By GREGORY ZELLER //
Web4Sign Corp., an Italian import that’s looking to re-set the data security sector, expects to move into Stony Brook’s center for wireless and information tech sometime in December. January, maybe.
The firm, launched earlier this year by Raffaello Galli, is one of 15 new Start-Up NY companies announced in September, and Galli is eager to get moving on his promise of creating at least eight new jobs and investing $650,000 in the regional economy.
But the wait hasn’t stopped the firm from plowing ahead with plans to introduce its unique graphometric-signature technology, which changes the way data is secured.
At the end of the summer, Web4Sign entered into an agreement with NYC-based marketing and communications giant OmnicomGroup, a deal that puts Web4Sign’s tech in front of hundreds of potential customers.
Web4Sign software will be installed in OmnicomGroup data centers in Arizona and Georgia, Galli said, and immediately begin generating revenue in pay-per-click fashion – every time a data center customer uses the Web4Sign technology, Galli gets paid. But revenues generated through the deal are just the start: The real prize, according to Galli, are the other major-league clients in OmnicomGroup’s $7 billion orbit.
“They are a giant company,” he said. “We hope to enlarge our number of customers very quickly.”
Web4Sign focuses on the differences between the digital world’s prevailing electronic signatures. There are two basic technologies that record and compare how your John Hancock actually looks: digital signatures, which use dedicated algorithms and other mathematical schemes to guarantee authenticity, and graphometric signatures, which also consider biometric nuances – the angle of the user’s pen, the speed at which he loops his Ls, for example – to sniff out forgeries.
Graphometric systems don’t check to see that a signature is identical – “It’s very difficult to exactly replicate the same signature you wrote just 10 seconds ago,” Galli noted – but instead quantify a range of biometric data, using software that Galli helped create based on algorithms developed by Turkish researchers with decades of calligraphy expertise.
“Say you draw an X,” Galli explained. “You write it in a second or in 10 seconds. You can write it from right to left or left to right. In the end, the image is the same – but it’s not the same.
“Is it drawn with the same velocity? The same pressure? The same inclination of the pen?” he added. “Biometrics is a much higher level of identification.”
Although his development of the graphometric software dates back several years, Galli only incorporated Web4Sign in the United States in February. If he was launching a new type of pasta or olive oil, the entrepreneur noted, he might have stayed closer to home – but for new technologies, the world still looks to America first.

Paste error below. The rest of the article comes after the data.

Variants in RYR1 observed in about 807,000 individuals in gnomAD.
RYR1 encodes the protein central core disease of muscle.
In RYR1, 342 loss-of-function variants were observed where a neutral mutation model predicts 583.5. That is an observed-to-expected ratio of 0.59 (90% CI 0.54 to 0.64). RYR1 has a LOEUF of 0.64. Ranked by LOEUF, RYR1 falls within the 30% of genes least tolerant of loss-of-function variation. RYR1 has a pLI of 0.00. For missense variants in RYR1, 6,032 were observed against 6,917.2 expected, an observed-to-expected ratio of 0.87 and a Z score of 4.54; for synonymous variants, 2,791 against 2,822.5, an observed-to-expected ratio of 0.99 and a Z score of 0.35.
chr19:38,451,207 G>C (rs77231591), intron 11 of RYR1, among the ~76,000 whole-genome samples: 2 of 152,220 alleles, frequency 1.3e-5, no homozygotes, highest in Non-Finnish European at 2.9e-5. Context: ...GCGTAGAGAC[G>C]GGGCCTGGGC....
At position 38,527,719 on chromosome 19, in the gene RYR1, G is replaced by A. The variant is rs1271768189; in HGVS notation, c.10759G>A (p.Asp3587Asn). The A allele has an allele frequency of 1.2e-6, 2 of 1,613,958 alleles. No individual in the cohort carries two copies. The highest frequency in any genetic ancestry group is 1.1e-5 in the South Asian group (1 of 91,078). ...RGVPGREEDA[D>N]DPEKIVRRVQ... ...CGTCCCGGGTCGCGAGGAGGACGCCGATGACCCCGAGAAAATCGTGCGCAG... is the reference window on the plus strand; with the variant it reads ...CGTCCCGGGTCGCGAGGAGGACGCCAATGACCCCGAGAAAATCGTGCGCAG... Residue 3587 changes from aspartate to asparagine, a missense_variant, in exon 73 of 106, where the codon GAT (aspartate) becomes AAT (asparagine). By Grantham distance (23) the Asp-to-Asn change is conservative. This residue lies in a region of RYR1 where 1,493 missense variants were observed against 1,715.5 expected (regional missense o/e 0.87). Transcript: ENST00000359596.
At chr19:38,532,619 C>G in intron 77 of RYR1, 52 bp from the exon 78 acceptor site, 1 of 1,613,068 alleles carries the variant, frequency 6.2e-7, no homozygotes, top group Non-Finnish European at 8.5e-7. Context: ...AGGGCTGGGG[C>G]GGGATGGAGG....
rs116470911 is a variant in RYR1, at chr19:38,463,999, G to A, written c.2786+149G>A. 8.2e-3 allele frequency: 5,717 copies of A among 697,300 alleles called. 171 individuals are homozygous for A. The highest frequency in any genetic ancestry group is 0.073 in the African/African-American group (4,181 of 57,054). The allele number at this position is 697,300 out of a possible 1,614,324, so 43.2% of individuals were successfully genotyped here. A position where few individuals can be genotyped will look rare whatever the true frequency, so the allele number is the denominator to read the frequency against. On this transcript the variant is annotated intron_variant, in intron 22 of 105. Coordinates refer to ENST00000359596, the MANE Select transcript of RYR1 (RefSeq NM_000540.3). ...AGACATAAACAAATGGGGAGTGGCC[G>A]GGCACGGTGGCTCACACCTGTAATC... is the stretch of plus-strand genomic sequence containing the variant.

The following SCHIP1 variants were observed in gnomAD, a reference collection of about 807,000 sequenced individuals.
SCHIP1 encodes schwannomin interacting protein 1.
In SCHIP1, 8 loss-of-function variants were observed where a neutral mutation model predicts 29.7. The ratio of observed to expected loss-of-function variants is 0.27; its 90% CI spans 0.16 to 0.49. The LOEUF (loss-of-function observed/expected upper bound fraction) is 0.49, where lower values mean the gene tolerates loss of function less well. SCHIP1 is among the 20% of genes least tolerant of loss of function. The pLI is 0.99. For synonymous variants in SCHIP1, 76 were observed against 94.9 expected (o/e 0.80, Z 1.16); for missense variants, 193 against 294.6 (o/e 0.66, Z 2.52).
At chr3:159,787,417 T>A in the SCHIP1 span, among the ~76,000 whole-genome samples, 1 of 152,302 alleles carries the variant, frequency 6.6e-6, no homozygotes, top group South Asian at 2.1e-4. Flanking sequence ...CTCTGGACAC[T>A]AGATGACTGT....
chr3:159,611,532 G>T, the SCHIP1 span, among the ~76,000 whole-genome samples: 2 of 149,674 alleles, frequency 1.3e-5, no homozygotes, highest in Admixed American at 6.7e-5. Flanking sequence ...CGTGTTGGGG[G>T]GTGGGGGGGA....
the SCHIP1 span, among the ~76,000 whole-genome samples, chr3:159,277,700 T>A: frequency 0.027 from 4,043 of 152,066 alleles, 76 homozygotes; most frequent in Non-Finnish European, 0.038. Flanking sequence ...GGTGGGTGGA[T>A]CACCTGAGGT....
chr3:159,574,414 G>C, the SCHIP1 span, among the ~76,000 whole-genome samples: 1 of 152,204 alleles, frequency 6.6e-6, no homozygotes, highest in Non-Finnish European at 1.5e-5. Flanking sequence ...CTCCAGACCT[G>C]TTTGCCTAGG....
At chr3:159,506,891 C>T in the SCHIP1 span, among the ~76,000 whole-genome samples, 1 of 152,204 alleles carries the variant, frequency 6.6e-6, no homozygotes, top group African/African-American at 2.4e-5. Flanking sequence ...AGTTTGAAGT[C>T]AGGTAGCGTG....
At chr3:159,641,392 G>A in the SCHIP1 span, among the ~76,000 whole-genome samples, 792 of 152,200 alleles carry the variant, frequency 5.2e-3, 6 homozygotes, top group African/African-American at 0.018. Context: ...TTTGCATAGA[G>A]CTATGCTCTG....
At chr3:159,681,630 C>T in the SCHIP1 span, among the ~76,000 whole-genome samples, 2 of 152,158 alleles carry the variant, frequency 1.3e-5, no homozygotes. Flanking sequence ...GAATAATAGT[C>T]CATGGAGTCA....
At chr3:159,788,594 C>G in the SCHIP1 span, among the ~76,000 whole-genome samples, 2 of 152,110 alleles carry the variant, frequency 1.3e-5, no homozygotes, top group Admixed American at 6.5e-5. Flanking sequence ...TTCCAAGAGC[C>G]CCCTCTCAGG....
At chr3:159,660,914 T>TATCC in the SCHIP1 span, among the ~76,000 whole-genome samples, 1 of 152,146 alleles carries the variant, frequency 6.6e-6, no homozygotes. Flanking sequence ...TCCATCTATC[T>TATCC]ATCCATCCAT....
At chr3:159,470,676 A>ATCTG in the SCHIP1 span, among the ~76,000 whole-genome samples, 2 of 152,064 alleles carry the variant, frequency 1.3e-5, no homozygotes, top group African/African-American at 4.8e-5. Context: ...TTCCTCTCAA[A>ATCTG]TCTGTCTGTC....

“When the German guy sees something coming from the United States, he knows it’s been approved, so to speak,” he said. “And we know that selling this in Italy, the revenues will be completely different than if we sell it in the United States.
“Nobody in the United States has anything like this,” Galli added. “The CIA has a subset of this – they use it for submarines or something. But commercially? Absolutely not.”
That will change within a month, when Web4Sign technology makes its way into those OmnicomGroup data centers. The plan is to use the deal as a combination revenue-generator/shakedown cruise/marketing springboard, fine-tuning the Web4Sign tech and establishing a domestic customer base before moving the product back to Europe, where electronic signatures have been in vogue for years and larger graphometrics markets await.
Web4Sign still has its offices in Italy, Galli noted, but is eager to move into its new CEWIT digs. Like Web4Sign’s foray into those busy data centers, Galli sees potential in CEWIT beyond immediate gains.
“We’re trying to use Stony Brook two ways,” he said. “Initially, the university and the state can use our technology. Second, there are multiple companies there that can work with us side-by-side in the same building.
“Obviously, the tax incentives are there and we’ll take them, but that’s not why we applied,” he added. “The opportunity to expand internally and work with other companies in that space is what really drove us. Stony Brook is a good name.”
Galli also sees the university as a potential source of quality employees, another cornerstone of a growth plan that ultimately focuses on big fish.
“I can’t just go to Bank of America and sell,” Galli said. “They won’t listen to me. But I can go to a big system integrator and show them how to apply this service in their data center, and then all of their customers – Bank of America, Merrill Lynch, whomever – can us it. OmnicomGroup is a great example.
“We don’t have to keep selling washing machines, one after another,” he added. “Once you’re in with a few customers, this will create automatically recurring revenues. So we’re looking for the big customers.”